I compared the results from identical cloning protocols preceding either a heat-shock or electroporation bacterial transformation into NEB competent E. coli cells (chemically competent or electrocompetent) and found that the electroporation transformation consistently resulted in thousands more colonies than the heat-shock transformation. Getting millions of colonies are necessary for building large mutant libraries, but I think it also stands to reason that optimizing transformation efficiency increases the likelihood of obtaining one transformant if you are doing a complicated cloning protocol and are having trouble getting any colonies at all. Attached are pictures where 1/10 of the total outgrowth from each transformation was plated. The electroporation protocol was also much quicker than the heat-shock protocol. Here is what I did for the electroporation:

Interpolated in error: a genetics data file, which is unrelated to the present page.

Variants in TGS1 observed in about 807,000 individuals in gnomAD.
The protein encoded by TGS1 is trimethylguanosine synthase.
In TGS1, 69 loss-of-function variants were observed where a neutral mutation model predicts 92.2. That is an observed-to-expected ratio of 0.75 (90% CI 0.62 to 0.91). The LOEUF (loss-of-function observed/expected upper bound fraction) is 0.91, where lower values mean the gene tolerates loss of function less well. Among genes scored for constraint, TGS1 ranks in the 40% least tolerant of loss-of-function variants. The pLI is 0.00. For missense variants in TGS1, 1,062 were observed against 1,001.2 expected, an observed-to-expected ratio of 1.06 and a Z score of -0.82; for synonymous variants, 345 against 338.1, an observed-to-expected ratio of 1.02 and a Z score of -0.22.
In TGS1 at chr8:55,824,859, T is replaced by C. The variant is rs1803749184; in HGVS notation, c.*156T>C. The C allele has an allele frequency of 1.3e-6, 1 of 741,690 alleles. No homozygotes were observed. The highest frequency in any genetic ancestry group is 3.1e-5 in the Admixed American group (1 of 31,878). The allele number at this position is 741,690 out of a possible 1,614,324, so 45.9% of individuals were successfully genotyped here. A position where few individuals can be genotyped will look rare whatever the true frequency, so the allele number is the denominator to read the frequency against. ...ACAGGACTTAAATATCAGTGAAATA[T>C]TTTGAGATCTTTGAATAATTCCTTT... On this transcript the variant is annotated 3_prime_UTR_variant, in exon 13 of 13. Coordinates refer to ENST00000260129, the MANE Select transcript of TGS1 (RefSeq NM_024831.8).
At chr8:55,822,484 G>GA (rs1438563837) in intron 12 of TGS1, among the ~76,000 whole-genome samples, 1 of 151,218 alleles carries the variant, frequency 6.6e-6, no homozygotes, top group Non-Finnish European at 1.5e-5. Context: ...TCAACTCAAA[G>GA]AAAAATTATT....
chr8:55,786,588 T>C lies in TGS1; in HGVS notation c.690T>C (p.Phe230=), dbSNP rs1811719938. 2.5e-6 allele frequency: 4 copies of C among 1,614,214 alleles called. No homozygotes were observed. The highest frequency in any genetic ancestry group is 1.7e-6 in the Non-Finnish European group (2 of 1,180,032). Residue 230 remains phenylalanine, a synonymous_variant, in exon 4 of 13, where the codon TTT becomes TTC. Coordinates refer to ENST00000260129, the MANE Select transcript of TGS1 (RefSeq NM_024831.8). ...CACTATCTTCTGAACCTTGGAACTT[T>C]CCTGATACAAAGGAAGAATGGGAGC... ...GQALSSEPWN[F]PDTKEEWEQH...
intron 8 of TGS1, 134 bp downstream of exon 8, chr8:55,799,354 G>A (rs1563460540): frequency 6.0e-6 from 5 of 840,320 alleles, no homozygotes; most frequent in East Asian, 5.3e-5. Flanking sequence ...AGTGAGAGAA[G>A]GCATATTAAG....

- I added 1.5μL of my newly-cloned plasmid (unpurified!) to 40μL of NEB 10-beta Electrocompetent E. coli in a new tube that I had previously chilled on ice, pipetted to mix gently, and let the mixture sit on ice for 1 minute.
- I transferred all of the mix to a 2mm cuvette that I had previously chilled on ice. I stuck the end of the pipette as far down into the cuvette as I could while dispensing the mix, and afterward, I tapped the cuvette on the bench a few times to get the cells to the very bottom of the cuvette.
- I electroporated the cuvette at ~2500V for ~5ms (1 pulse, exponential decay), and immediately added 1mL of SOC outgrowth media directly to the cuvette (no need to mix after and I made sure to add it super quickly). I made sure to check the electroporator afterward to confirm that the pulse had been the correct voltage and time I set it for.
- I left the cuvette to grow in the 37°C shaking incubator (~200 RPM) for 1 hour. You can also first transfer the cells to a culture tube first before leaving it in the incubator, but this isn't necessary.
- After the growth period was done I plated 100μL of it onto a pre-warmed plate of LB + AMP + NAT (as my plasmid has AMP and NAT selectable markers) and let it grow at 37°C overnight.